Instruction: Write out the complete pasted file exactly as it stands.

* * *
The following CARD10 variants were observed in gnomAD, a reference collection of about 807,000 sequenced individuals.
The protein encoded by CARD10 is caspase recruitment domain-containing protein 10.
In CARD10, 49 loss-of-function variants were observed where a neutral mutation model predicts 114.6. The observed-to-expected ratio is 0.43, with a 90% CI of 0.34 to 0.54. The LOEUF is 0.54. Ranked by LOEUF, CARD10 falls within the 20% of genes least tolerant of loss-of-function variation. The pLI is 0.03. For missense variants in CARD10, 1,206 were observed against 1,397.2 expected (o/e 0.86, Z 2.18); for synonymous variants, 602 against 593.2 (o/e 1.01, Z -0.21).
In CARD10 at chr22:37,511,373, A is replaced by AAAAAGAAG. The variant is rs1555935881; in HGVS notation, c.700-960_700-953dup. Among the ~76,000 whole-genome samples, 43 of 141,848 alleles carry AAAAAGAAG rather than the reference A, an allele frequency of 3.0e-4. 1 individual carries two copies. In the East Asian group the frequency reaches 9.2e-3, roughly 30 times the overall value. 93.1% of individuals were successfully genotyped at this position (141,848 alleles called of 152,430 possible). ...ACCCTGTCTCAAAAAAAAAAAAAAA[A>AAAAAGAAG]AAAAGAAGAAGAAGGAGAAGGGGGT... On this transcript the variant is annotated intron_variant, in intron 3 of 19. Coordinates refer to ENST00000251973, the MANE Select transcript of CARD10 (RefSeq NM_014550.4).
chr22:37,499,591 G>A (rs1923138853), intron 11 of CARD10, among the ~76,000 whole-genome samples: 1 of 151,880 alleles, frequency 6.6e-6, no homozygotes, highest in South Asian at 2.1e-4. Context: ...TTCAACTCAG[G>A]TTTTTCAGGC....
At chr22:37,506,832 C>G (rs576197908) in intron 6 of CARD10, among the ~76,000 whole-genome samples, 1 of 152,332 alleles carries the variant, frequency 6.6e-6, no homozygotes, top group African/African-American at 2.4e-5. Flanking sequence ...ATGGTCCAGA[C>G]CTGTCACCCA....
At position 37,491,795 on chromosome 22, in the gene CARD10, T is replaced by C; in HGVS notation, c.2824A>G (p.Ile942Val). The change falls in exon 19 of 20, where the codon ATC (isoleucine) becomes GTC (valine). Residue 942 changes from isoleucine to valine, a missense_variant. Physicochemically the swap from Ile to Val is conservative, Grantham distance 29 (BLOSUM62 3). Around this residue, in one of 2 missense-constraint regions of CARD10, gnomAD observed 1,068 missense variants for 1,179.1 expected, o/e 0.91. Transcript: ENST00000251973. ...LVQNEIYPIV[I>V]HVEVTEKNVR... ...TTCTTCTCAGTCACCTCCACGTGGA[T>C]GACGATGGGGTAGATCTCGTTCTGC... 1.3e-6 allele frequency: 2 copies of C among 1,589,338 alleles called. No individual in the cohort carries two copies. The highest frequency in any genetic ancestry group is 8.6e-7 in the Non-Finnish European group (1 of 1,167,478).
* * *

The following CARD10 variants were observed in gnomAD, a reference collection of about 807,000 sequenced individuals.
The protein encoded by CARD10 is caspase recruitment domain-containing protein 10.
In CARD10, 49 loss-of-function variants were observed where a neutral mutation model predicts 114.6. The observed-to-expected ratio is 0.43, with a 90% CI of 0.34 to 0.54. The LOEUF is 0.54. Ranked by LOEUF, CARD10 falls within the 20% of genes least tolerant of loss-of-function variation. The pLI is 0.03. For missense variants in CARD10, 1,206 were observed against 1,397.2 expected (o/e 0.86, Z 2.18); for synonymous variants, 602 against 593.2 (o/e 1.01, Z -0.21).
In CARD10 at chr22:37,511,373, A is replaced by AAAAAGAAG. The variant is rs1555935881; in HGVS notation, c.700-960_700-953dup. Among the ~76,000 whole-genome samples, 43 of 141,848 alleles carry AAAAAGAAG rather than the reference A, an allele frequency of 3.0e-4. 1 individual carries two copies. In the East Asian group the frequency reaches 9.2e-3, roughly 30 times the overall value. 93.1% of individuals were successfully genotyped at this position (141,848 alleles called of 152,430 possible). ...ACCCTGTCTCAAAAAAAAAAAAAAA[A>AAAAAGAAG]AAAAGAAGAAGAAGGAGAAGGGGGT... On this transcript the variant is annotated intron_variant, in intron 3 of 19. Coordinates refer to ENST00000251973, the MANE Select transcript of CARD10 (RefSeq NM_014550.4).
chr22:37,499,591 G>A (rs1923138853), intron 11 of CARD10, among the ~76,000 whole-genome samples: 1 of 151,880 alleles, frequency 6.6e-6, no homozygotes, highest in South Asian at 2.1e-4. Context: ...TTCAACTCAG[G>A]TTTTTCAGGC....
At chr22:37,506,832 C>G (rs576197908) in intron 6 of CARD10, among the ~76,000 whole-genome samples, 1 of 152,332 alleles carries the variant, frequency 6.6e-6, no homozygotes, top group African/African-American at 2.4e-5. Flanking sequence ...ATGGTCCAGA[C>G]CTGTCACCCA....
At position 37,491,795 on chromosome 22, in the gene CARD10, T is replaced by C; in HGVS notation, c.2824A>G (p.Ile942Val). The change falls in exon 19 of 20, where the codon ATC (isoleucine) becomes GTC (valine). Residue 942 changes from isoleucine to valine, a missense_variant. Physicochemically the swap from Ile to Val is conservative, Grantham distance 29 (BLOSUM62 3). Around this residue, in one of 2 missense-constraint regions of CARD10, gnomAD observed 1,068 missense variants for 1,179.1 expected, o/e 0.91. Transcript: ENST00000251973. ...LVQNEIYPIV[I>V]HVEVTEKNVR... ...TTCTTCTCAGTCACCTCCACGTGGA[T>C]GACGATGGGGTAGATCTCGTTCTGC... 1.3e-6 allele frequency: 2 copies of C among 1,589,338 alleles called. No individual in the cohort carries two copies. The highest frequency in any genetic ancestry group is 8.6e-7 in the Non-Finnish European group (1 of 1,167,478).